Napoli again was the Angels Opening Day starter at catcher, and after fully recovering from his 2007 injuries, began the 2008 season on a torrid pace, belting 6 home runs in the month of April. Despite his impressive hitting performances, Napoli continued to share time behind the plate with Jeff Mathis, who had assumed the back-up duties after the Angels trade of Molina during the 2007 season. Unfortunately, the injury bug bit Napoli again in July, causing him to miss 28 games with shoulder issues. However, after fully recovering from the injury, Napoli exploded down the stretch, leading all of Major League Baseball with a .457 batting average in the month of September. For the season, Napoli tallied a .273 batting average and 20 home runs, both career highs. Napoli also amassed an incredible .960 OPS (On-base + Slugging percentage), which would have placed him in the top 5 in the American League in that category, had he accumulated enough at-bats to qualify for the league leaders. Napoli's production helped the Angels win the 2008American League West Division championship, with an impressive 100–62 record.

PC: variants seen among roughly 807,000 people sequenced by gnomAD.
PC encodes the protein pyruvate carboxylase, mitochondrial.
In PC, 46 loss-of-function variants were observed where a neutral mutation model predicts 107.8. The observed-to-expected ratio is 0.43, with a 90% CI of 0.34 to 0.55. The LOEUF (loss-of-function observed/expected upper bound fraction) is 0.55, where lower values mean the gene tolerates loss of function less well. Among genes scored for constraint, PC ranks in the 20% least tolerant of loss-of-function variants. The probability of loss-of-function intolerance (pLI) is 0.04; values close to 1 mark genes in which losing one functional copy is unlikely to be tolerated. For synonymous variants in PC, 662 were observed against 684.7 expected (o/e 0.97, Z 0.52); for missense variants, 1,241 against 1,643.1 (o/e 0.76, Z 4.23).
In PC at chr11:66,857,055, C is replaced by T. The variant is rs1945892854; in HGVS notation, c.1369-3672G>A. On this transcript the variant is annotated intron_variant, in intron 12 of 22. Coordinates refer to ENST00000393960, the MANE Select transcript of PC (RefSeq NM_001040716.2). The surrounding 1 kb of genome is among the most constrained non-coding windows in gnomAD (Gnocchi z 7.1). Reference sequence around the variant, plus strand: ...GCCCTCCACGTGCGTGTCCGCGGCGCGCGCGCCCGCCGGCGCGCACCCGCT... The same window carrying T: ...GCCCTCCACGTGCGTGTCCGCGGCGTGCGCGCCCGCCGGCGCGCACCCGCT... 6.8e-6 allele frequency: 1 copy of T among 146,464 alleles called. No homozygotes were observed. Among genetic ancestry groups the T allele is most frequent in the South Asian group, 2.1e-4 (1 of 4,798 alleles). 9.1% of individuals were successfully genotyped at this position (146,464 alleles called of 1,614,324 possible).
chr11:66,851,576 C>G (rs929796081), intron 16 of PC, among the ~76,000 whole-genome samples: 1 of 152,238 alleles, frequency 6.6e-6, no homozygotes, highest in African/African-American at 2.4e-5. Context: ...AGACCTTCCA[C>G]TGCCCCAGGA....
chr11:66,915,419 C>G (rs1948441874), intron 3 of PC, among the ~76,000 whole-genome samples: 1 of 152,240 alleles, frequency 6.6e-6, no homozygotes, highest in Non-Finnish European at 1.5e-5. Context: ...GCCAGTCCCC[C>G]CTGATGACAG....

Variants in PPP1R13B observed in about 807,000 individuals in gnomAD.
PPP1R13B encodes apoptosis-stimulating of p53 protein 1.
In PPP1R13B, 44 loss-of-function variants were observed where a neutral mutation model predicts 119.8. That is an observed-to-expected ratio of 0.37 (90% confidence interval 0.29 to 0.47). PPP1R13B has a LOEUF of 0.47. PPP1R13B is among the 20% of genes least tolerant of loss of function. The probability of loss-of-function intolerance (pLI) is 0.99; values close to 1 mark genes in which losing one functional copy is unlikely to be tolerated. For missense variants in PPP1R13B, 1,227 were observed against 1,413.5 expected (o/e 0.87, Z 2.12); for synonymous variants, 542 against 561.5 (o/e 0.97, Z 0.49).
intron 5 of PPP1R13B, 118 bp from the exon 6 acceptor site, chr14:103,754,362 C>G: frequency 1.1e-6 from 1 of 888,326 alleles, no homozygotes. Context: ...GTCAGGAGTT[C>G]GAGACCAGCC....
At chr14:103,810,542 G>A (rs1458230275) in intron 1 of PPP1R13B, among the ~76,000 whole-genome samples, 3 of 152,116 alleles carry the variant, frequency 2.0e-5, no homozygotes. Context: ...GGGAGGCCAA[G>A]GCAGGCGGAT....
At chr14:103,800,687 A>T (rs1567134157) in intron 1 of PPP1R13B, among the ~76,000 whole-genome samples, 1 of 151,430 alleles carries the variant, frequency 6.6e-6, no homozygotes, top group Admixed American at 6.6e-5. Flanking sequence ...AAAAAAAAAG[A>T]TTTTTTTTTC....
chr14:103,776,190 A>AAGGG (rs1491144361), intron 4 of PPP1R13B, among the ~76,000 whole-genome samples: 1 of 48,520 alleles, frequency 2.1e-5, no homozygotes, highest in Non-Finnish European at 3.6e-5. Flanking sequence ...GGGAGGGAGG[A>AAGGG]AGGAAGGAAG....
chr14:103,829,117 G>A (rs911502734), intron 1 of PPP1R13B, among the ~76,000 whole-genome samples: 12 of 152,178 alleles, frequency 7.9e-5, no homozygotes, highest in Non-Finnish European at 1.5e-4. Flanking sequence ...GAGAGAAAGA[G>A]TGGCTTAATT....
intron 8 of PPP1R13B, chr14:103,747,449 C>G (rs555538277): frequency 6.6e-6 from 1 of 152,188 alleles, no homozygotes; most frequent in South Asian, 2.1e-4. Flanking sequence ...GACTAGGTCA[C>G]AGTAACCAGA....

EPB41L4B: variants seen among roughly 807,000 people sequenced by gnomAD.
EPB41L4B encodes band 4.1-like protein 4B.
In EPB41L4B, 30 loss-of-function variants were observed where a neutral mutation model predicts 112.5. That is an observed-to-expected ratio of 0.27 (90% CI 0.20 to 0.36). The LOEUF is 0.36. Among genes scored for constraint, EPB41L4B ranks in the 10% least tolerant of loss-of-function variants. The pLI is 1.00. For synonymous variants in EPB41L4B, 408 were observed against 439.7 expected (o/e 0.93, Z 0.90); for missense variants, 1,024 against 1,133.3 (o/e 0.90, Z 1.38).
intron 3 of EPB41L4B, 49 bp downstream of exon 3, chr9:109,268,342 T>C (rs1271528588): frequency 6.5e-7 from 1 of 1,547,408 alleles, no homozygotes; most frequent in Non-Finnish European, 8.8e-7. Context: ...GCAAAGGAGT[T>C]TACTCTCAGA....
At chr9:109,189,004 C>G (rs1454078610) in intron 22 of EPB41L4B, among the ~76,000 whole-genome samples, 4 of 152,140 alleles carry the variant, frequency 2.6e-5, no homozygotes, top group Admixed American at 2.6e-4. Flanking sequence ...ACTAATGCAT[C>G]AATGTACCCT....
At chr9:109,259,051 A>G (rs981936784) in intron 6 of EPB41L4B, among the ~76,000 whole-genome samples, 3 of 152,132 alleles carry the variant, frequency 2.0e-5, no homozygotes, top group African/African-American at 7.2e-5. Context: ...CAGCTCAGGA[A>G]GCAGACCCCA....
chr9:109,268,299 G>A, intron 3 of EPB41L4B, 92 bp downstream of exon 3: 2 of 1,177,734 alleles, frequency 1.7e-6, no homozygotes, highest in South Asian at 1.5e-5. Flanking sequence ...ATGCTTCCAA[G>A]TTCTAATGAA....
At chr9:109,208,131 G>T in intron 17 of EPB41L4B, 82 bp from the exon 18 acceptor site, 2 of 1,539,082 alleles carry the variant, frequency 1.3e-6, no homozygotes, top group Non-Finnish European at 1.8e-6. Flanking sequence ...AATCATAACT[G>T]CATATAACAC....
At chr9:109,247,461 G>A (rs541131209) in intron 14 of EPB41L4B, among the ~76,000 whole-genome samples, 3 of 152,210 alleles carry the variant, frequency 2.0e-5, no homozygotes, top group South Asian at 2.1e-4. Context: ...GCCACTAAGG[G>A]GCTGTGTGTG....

Napoli also posted one of the greatest individual post-season performances in Angels history during the 2008 American League Divisional Series against the Boston Red Sox in Fenway Park. In Game 3 of the series, with the Red Sox holding a 2–0 series lead, Napoli unloaded 2 mammoth home runs against Red Sox Starting Pitcher Josh Beckett, helping extend the game into extra innings. He then singled and scored the game-winning run in the 11th inning, preventing the Red Sox from sweeping the series.